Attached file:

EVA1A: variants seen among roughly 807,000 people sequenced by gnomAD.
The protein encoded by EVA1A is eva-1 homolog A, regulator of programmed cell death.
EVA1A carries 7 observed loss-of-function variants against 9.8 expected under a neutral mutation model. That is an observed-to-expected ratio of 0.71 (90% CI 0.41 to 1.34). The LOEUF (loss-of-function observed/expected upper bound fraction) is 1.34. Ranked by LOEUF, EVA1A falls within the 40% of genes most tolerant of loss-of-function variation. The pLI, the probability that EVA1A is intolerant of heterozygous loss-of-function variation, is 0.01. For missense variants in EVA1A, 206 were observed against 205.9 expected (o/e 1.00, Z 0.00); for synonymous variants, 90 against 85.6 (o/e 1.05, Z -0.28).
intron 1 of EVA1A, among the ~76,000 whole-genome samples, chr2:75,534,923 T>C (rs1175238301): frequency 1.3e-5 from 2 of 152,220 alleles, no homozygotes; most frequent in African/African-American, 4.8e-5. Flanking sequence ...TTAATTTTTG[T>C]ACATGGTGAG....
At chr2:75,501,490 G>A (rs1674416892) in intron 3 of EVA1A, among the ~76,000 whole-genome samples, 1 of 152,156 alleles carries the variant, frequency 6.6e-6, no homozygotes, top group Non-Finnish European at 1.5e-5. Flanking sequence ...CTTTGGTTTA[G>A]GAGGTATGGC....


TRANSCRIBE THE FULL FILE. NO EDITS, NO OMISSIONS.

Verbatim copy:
EVA1A: variants seen among roughly 807,000 people sequenced by gnomAD.
The protein encoded by EVA1A is eva-1 homolog A, regulator of programmed cell death.
EVA1A carries 7 observed loss-of-function variants against 9.8 expected under a neutral mutation model. That is an observed-to-expected ratio of 0.71 (90% CI 0.41 to 1.34). The LOEUF (loss-of-function observed/expected upper bound fraction) is 1.34. Ranked by LOEUF, EVA1A falls within the 40% of genes most tolerant of loss-of-function variation. The pLI, the probability that EVA1A is intolerant of heterozygous loss-of-function variation, is 0.01. For missense variants in EVA1A, 206 were observed against 205.9 expected (o/e 1.00, Z 0.00); for synonymous variants, 90 against 85.6 (o/e 1.05, Z -0.28).
intron 1 of EVA1A, among the ~76,000 whole-genome samples, chr2:75,534,923 T>C (rs1175238301): frequency 1.3e-5 from 2 of 152,220 alleles, no homozygotes; most frequent in African/African-American, 4.8e-5. Flanking sequence ...TTAATTTTTG[T>C]ACATGGTGAG....
At chr2:75,501,490 G>A (rs1674416892) in intron 3 of EVA1A, among the ~76,000 whole-genome samples, 1 of 152,156 alleles carries the variant, frequency 6.6e-6, no homozygotes, top group Non-Finnish European at 1.5e-5. Flanking sequence ...CTTTGGTTTA[G>A]GAGGTATGGC....